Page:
I remember that "bread board" was an actual bread board once. I thought it was a clever way for early developers to make a lot of headway before this stuff was commonplace with readily available prototyping materials. And I've never considered building an amp on one because it would be stupid.

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    "Take two placebos, works twice as well." Enzo

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    Old Timer J M Fahey's Avatar
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    FWIW I *still* (46 or more years later) use breadboards made out of chipboard (no, I don't let them get wet) , nails and brass wire.

    I HATE Protoboards, for many reeasons :
    1) when I started in late 60's they weren't even invented yet. (Now Teemu will post some obscure patent from the Southwestern Duchy of Khrakhizschya where a certain Muhammad Ling Popofieff invented it and was used to design the VOX AC 4 prototype or something )

    2) in my learning literature (yellowing "Radio" magazines from the 40's on) they were an *established* method for experimenting

    3) they were quick and *cheap.

    4) most important, you could *solder* parts, they wouldn't move (lots of shorts possible in Protos because of parts long legs) , you could screw heavy large parts to them, including transformers, L shaped front and back panels, tube sockets floating a couple centyimeters on the boards, with legs bent out loke stars (or octopuses) , what's not to like?

    5) they could be transported, more than one amplifier started as a copper spiderweb on a coffee/bar table or chair, on stage, being played (and tweaked) live.

    6) I *still* use them, at this moment one holds a FET version of a full Soldano preamp, other holds a 12V 40/60W battery powered amp (with output transformer and servo driven IRF MosFets for linearity) , a Photometer, an add-on short pritection, a thermal Fan speed controller, etc.

    Besides, anything involving TO220 / 218 / 247 legs or 1N540x or 6A2 or any kind of bridges (beyond W005) or fuse holders or a ton of 'Power" stuff can't be plugged in a Proto anyway (I know some people does, but I pamper mine) so my 20's technology breadboards are still alive and useful.

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    Bent Member Chuck H's Avatar
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    Yupper! I wouldn't dis anyone for using that technique for developing circuits. I think it's sort of cool and practical that you still do it. But, would you build a customers amp on a wooden circuit board? I imagine the thing in mediocre storage filling with dust, then sitting out in a cold alley behind a bar just condensing and generally becoming "moist" sitting in the truck. Let's get that thing on stage now! Plug it in and play a set The best I can say about that is it'll probably be alright. When I hand an amp over to a customer I like to do better than "probably be alright".

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    "Take two placebos, works twice as well." Enzo

    "Now get off my lawn with your silicooties and boom-chucka speakers and computers masquerading as amplifiers" Justin Thomas

    "Being born on third base and thinking that you must have hit a triple is pure delusion!" Steve A

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    Senior Member ThermionicScott's Avatar
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    I dig prototyping on breadboards, too. No chance of UL certification with this one, though!


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    Don't forget the joker g1's Avatar
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    Chuck, if it gets wet, you just dry it out over the campfire.

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    "Everything is better with a tube. I have a customer with an all-tube pacemaker. His heartbeat is steady, reassuring and dependable, not like a modern heartbeat. And if it goes wrong he can fix it himself. You can't do that with SMD." - Mick Bailey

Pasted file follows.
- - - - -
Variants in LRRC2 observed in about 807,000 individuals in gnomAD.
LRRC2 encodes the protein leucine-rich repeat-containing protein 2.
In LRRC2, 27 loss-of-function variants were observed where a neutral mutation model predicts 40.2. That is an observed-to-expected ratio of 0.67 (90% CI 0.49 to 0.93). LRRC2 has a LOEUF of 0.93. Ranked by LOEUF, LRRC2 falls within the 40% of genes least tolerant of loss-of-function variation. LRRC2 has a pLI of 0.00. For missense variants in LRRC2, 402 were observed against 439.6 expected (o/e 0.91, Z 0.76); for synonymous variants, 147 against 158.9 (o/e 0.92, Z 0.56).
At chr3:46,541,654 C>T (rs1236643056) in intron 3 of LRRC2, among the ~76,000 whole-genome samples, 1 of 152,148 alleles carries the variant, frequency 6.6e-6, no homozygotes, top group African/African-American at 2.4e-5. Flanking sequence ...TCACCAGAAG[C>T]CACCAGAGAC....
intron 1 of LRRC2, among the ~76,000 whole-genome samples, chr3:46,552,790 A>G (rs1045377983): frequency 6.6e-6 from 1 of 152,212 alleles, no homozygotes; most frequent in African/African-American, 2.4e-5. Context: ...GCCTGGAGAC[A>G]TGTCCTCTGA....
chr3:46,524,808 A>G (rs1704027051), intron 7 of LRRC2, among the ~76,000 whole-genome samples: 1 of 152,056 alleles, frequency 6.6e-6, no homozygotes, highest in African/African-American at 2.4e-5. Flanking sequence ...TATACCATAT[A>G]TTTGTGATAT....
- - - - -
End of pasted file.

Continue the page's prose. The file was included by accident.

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    Old Timer Tom Phillips's Avatar
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    So maybe this is all fantasy since the OP never came back with a photo.

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    Bent Member Chuck H's Avatar
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    Quote Originally Posted by Tom Phillips View Post
    So maybe this is all fantasy since the OP never came back with a photo.
    Well "I" wouldn't want to be the guy that pitches a "fairly well known boutique builder's amp" under the bus. I think I'd get over it though Point is, it's alright to be uncomfortable about being the agent of doom for a builder on the world wide web. To put it mildly.

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    "Take two placebos, works twice as well." Enzo

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    "Being born on third base and thinking that you must have hit a triple is pure delusion!" Steve A

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    Yeah, I'm sure I don't want pics of MY builds all over the web! Then again, most I've charged was $450. Meh, you get what ya pay for!

    The WWW is not exactly kind to PTP & mixed builds, anyway. Because as clean as a vintage Hiwatt it ain't!

    Justin

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    "Wow it's red! That doesn't look like the standard Marshall red. It's more like hooker lipstick/clown nose/poodle pecker red." - Chuck H. -
    "Of course that means playing **LOUD** , best but useless solution to modern sissy snowflake players." - J.M. Fahey -
    "All I ever managed to do with that amp was... kill small rodents within a 50 yard radius of my practice building." - Tone Meister -

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    Old Timer J M Fahey's Avatar
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    Quote Originally Posted by ThermionicScott View Post
    I dig prototyping on breadboards, too. No chance of UL certification with this one, though!

    I *LOVED* the handles

    But now to serious matters: it is considered *cheating* to clean the benchtop as you did, just for pictures.
    Etiquette says you must show it in its natural messy state

    As shown, it's unfair competition to mine and probably a couple around here.

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    Juan Manuel Fahey